Friday, February 27, 2004

In an hour or so, Ricky will be under anesthesia having his wisdom teeth pulled, or rather cut out. They haven't emerged yet, but are ready to burst through and wreck havoc with his orthodontia. I'm waiting to wake him since he can't eat or drink, and the longer he is up, the louder the cereal box will call to him. He lost TV and computer priveleges because of the homework situation (see below), but I took him to Hollywood Video last night to rent several DVDs for his recuperation. He must have selected 957 different movies until, finally, I grabbed three and walked to the register. He's in media heaven.

Sunday, February 22, 2004

Outstanding Homework
On Friday we discovered that the boys each had seven math assignments outstanding - not seven outstanding math assignments as they led us to believe. Aaaah don't they know this will catch up with them?

Thursday, February 19, 2004

I am taking an inordinate amount of pleasure from the 400-count burgundy sheets I recently bought.
Samson, our yellow lab, celebrated his second birthday yesterday, 14 years old in dog years. That means I have three 14 year old males in my house! Sam seems to be settling down, finally, and is becoming a good house dog and watch dog. I see the same thing with my sons, on the cusp of manhood, there are glimmers of hope. Here's an excerpt from a health report Ricky did this year:

"Scientists recently found out that the amygdala, 'a tiny bundle of nerves mediates emotions such as fear, anger and anxiety,' takes over teenagers’ brains. As teens get older, their frontal lobes, reason and judgment, control the emotions from the amygdala."
Let them be bored. That is one of my parenting philosophies.

When every minute is filled with structured activities, there is no time for imagination. And that means no electronic stimulation - games, TV, movies. After a few minutes of boredom, it is amazing what they decide to do. Ron tore apart two old computers, then rebuilt it into one faster, more stable machine. Rick baked a cake from scratch.

It is a 12 hour trip to Mom's, and as we headed down there for Christmas, a voice from the backseat said, "It is good to be bored. It slows time down." I smiled...until I realized we had only been on the road an hour!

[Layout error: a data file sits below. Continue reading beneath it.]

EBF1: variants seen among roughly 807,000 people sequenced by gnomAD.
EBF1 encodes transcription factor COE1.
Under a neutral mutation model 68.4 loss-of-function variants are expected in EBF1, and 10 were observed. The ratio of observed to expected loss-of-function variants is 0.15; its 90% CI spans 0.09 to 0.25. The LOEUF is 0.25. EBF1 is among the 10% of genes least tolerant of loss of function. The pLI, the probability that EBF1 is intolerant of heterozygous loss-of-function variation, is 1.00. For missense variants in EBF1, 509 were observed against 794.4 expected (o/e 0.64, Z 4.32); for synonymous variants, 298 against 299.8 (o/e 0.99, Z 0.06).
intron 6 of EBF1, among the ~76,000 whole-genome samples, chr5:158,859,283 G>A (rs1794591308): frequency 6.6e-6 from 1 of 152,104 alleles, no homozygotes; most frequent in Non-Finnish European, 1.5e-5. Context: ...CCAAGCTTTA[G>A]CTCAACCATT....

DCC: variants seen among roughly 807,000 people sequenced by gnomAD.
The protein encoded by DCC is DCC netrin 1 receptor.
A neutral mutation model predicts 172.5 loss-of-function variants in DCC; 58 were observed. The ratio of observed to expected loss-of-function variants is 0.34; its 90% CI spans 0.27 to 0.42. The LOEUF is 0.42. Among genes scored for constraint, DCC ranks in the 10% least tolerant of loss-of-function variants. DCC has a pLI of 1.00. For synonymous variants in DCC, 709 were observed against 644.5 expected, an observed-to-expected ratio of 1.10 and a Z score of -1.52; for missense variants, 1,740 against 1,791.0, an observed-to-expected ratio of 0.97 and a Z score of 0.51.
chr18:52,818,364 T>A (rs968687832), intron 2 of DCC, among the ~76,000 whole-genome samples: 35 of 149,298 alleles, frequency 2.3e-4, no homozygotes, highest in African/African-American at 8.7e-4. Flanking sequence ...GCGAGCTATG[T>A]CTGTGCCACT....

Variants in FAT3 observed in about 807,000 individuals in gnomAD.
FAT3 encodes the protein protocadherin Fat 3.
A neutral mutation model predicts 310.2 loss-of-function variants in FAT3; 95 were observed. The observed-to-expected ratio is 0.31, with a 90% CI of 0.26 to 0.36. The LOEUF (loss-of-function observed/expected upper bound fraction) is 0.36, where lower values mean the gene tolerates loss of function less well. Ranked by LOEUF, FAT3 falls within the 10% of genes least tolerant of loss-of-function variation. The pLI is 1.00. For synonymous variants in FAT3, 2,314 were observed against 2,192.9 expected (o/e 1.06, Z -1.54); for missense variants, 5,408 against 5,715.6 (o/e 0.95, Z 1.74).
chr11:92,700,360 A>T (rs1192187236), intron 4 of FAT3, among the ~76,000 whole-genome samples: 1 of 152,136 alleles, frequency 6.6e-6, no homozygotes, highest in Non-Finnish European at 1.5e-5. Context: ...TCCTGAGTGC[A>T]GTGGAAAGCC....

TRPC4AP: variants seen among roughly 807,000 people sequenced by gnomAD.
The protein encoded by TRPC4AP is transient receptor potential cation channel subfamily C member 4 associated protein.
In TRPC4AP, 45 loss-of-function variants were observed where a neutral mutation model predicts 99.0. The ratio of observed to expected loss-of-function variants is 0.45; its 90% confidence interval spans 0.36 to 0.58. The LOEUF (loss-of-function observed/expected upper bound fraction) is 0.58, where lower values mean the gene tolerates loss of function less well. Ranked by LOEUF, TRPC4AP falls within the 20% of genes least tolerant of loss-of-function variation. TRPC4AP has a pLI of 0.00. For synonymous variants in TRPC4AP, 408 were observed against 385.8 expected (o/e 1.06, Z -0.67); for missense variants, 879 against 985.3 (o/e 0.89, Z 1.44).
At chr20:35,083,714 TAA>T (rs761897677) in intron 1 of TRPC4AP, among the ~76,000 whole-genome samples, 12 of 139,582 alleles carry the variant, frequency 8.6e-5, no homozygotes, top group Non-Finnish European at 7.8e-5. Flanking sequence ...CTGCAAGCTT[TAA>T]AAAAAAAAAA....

Wednesday, February 18, 2004

Faith Story
I've been leading the charge to a new web site for our church. Because the church is people and not a building, under worship, we are posting faith stories. To get this off the ground, I volunteered to tell my story. Here it is.

This is a story about God.

No, actually it is God’s story. At one time, I thought it was my story, but how wrong I was. It was always about God; it is still about God; and it will always be about God. It is the story of God’s faithfulness to me, about His Word and how it transformed me and pulled me back, about the people He placed in my life, and the situations through which He spoke to me. But, mostly, it is about His faithfulness to one of His children when she pushed Him away.

I grew up “soaked” in the Word, in my church, in youth group activities, and in a family of strong, spiritual believers. I gave my heart to Jesus when I was 13 after hearing Missionary Ken Enright speak at my church, convinced I was destined for medical missionary work. I spent the rest of my high school years growing in God’s word.

Then I went to college.

Partly because of the culture at that time (late ‘60’s); partly because of a series of bad choices I made; and partly because Satan, while strong, works in very subtle ways….my heart became divided. I tried to “serve two masters”: God and my own selfish desires. I truly became lost…searching for “the truth” in anything and everything. It was the climate of the late sixties. I even wrote a college paper that attempted to reconcile the truth of all religions as one and, given the anti-Christian views of my professor, received a high mark for it.

The paradox? As I drifted farther and farther from God’s way and more and more into my way, I liked myself less and less. And as my self-esteem plummeted, I made bad personal choices and bad relationship choices. After college, I poured myself into my new career, eager to fill the ever-growing void inside myself, convinced that it was just a matter of finding the “perfect fit.” At one point, I scribbled in my journal, “I know this isn’t true because of who I am, but it seems like good and evil, God and Satan, are fighting over me.” God was ever faithful. He stood there, and He loved me. He filled me with a sense of the battle raging inside me.